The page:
Quote   Quote: Originally Posted by Maxxwire View Post
This puts your over simplified assumptions about how file copying works into proper prespective
I said that file copying was NOT CPU intensive...and it's not. Sure, it uses the CPU...but you aren't going to see a huge spike in task manager when you simply copy a file from one location to another.


Don't worry about screenshots, just time the overall file copy operation. If you copy 3GB of data from your C drive to your LACIE drive and the file copy is done in under 7 seconds...then I will concede that you are getting over 400MB/s. I'd be willing to bet the file copy takes closer to 35 seconds however putting you legitimately around 85MB/s
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05 Sep 2010   #28
Maxxwire

Windows 7 x64 Home Premium
 
 

You are severely underestimating the considerable load that it takes to require the Intel Core i7 930 to work at 3% during a file transfer which means you have yet to prove Mark Russinovich and myself wrong that file transfers are not both CPU and RAM intensive in light of the Win 7 file transfers. Is it your contention that a sudden 77% increase in RAM use during a Win 7 file transfer doesn't qualify as intensive? I think that the vast majority of users would agree that it is quite an intensive increase on an order of magnitude...



I've offered a set of proof in the form of file transfer benchmarks that are legitimately represented and a corroborating opinion from the creator of some of Window's most reliable testing programs aka the comprehensive Sysinternals Suite. I would expect a senior member such as yourself would reciprocate with an equally legitimate proof of your conjecture involving benchmarks and stats of your own and not continue to simply making wildly underestimated, undocumented and unsubstantiated assumptions in the face of not only the legitimately created and submitted documentation, but the word of a Microsoft insider who many say knows more about the inner workings of the Windows OS than anyone else and who wholly contradicts your assumptions concerning the nature of resource consumption during file transfer in Windows that you have yet to refute.

~Maxx~
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My System SpecsSystem Spec
05 Sep 2010   #29
pparks1

Windows 7 Ultimate x64
 
 

All I am asking is a time frame of how long those file copies took to happen. I'm not saying that you aren't representing the facts, but your screenshots make it appear that you are getting well over 400MB/s and I don't think this is accurate. I wouldn't want somebody else on this forum to buy one of these drives and assume they will get similar results.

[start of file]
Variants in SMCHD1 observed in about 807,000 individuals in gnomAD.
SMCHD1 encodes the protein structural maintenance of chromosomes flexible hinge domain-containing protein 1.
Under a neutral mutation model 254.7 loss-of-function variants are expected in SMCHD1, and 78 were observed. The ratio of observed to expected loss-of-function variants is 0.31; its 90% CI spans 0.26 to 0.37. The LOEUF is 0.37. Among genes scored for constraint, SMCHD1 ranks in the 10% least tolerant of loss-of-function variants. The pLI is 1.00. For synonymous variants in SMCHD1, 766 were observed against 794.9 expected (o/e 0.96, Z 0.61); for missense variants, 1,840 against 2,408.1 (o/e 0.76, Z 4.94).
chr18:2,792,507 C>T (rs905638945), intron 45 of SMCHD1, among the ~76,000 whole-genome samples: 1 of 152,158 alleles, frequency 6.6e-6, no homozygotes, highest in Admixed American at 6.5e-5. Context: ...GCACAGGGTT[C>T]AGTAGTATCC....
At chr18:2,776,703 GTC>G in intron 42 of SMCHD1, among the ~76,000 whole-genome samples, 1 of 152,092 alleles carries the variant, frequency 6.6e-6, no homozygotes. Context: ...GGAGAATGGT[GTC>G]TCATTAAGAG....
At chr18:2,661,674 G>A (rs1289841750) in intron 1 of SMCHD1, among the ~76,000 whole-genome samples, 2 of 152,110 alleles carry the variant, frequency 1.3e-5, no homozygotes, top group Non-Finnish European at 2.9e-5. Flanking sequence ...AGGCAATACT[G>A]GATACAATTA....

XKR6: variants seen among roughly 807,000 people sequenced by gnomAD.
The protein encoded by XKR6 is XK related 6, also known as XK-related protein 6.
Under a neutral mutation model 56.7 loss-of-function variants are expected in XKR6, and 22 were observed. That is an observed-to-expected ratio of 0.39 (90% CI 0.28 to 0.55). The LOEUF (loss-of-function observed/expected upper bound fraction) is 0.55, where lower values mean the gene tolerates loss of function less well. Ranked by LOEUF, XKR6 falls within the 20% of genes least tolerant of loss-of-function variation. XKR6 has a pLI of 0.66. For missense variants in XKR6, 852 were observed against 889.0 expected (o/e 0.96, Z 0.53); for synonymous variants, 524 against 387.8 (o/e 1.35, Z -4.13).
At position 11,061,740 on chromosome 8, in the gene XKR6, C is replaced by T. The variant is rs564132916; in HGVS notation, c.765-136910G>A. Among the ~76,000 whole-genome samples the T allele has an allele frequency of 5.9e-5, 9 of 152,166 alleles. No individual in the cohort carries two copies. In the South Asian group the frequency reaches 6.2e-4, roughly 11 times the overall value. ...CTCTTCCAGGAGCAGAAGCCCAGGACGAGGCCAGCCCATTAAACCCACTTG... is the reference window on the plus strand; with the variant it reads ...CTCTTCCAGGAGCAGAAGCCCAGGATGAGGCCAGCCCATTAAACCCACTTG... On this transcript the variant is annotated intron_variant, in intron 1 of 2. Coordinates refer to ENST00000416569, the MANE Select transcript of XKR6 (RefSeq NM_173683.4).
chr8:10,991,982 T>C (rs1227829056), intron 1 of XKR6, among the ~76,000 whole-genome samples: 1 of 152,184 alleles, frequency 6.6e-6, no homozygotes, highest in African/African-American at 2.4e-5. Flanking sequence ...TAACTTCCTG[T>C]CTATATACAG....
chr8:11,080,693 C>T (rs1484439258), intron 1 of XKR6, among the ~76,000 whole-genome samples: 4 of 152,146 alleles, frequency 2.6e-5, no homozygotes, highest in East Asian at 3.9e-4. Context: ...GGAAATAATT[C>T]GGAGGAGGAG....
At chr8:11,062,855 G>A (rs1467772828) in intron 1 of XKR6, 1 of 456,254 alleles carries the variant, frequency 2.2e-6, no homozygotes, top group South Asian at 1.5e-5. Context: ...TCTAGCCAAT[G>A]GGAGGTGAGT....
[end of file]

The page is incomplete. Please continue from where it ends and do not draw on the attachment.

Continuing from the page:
But I've asked numerous times for the amount of time involved, but you keep talking about CPU and RAM usage. Which I comment on the CPU side...but it isn't the main point that I am trying to make.

Clearly it uses CPU and RAM...I don't argue this fact. And I don't want to quantify how much 3% of a particular CPU equates to. Generally speaking, when I see my CPU at 5% or less...it's doing next to nothing. All I want to know is the speed of the transfer. The amount of CPU, core temps and RAM usage doesn't concern me.

Regardless of how fast your CPU and ram might be, or how heavily it is being used....to transfer a file from your C drive to your external Lacie drive means the files must be read from your C drive. And I don't think, in spite of the pictures showing otherwise, that this could possible occur at 430MB/s. I've got an SSD drive in my box and it can only read at about 220MB/s.

Perhaps I've missed the fact that you have a RAID 0 array for your C drive. This could give you a huge bump in speed.
My System SpecsSystem Spec
05 Sep 2010   #30
Maxxwire

Windows 7 x64 Home Premium
 
 

Quote   Quote: Originally Posted by pparks1 View Post
All I am asking is a time frame of how long those file copies took to happen. I'm not saying that you aren't representing the facts, but your screenshots make it appear that you are getting well over 400MB/s and I don't think this is accurate. I wouldn't want somebody else on this forum to buy one of these drives and assume they will get similar results.
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The screenshots were instantaneous and took place during the transfer precisely when the screenshots say they do which was approximately 1/2 way through the transfer. I just can't do any more to convince you than to show you the screencaptured truth. I do not know if anyone else could get these exact same results because I've had my HP HPE270f less than 2 months, but I guarantee you that I did! And I believe that Mark Russinovich is right about the 1.04 GB of RAM use being responsible for these file transfer speeds that I have dozens of examples of on file.

I'm sad that you are not able to understand what Mark Russinovich is talking about I'm sure that what he is saying is not over your head, but you rather prefer to cast dispersions on the truth of how fast my new Win 7 x64 computer transfers files because you are unwilling to accept his simple truth.

~Maxx~
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 How to copy files between two hard drives faster?